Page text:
Wednesday, March 2, 2016

The pre-test wake up call

Each year I teach some of a fourth year undergraduate course PHYS4030 Condensed Matter Physics which is based on Ashcroft and Mermin. Back in 2012 I started the course by giving the students a Pre-test, which tests some basic knowledge and skills. I posted the test and some reasons why I thought that it was a particularly valuable exercise.

Yesterday I gave the test for the fifth time. Some of the results were a bit disturbing; more than half the 20 students scored less than 60 per cent. Some struggled to do basic calculus, sketch graphs, or remember Schrodinger's time-independent equation or that the heat capacity is the temperature derivative of the internal energy, ...

I said before that the test is a useful wake-up call for the students. However, I realised it is also a wake-up call for me. I really have some idea of what the students can do and can't do, what they struggle with. I can't just blissfully hope they know more than they actually do. There are also some basic points and skills I will have to keep coming back to.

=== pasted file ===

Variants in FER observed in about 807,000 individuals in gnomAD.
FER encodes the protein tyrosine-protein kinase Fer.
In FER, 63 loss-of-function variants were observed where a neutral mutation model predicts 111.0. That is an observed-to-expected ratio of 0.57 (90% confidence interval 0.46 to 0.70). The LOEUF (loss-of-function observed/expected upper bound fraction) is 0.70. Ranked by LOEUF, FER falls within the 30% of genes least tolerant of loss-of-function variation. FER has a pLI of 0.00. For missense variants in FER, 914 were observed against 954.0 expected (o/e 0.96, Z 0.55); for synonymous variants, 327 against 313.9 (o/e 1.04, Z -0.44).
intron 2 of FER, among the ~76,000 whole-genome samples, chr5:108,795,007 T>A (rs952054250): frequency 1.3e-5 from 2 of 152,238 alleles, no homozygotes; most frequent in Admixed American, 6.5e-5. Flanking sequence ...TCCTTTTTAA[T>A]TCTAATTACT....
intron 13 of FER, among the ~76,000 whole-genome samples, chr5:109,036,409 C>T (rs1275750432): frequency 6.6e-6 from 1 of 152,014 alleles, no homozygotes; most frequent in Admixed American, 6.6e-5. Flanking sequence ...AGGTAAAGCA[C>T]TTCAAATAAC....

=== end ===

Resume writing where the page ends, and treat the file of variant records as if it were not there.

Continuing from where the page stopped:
I welcome comments on the test and my observations. Is it reasonable to expect students to score greater than 60 per cent on such a test?


  1. I guess it's worth remembering that a great deal of students tend to forget this sort of content over the break, hopefully with a little bit of encouragement and some reminders they'll be back in fighting form! (many of my students forget things as simple as linear algebra over the summer holidays)

    All the best for the coming semester!

    1. Thanks for the comment. I agree that this does happen. Then the test is a good reminder to brush up and start remembering.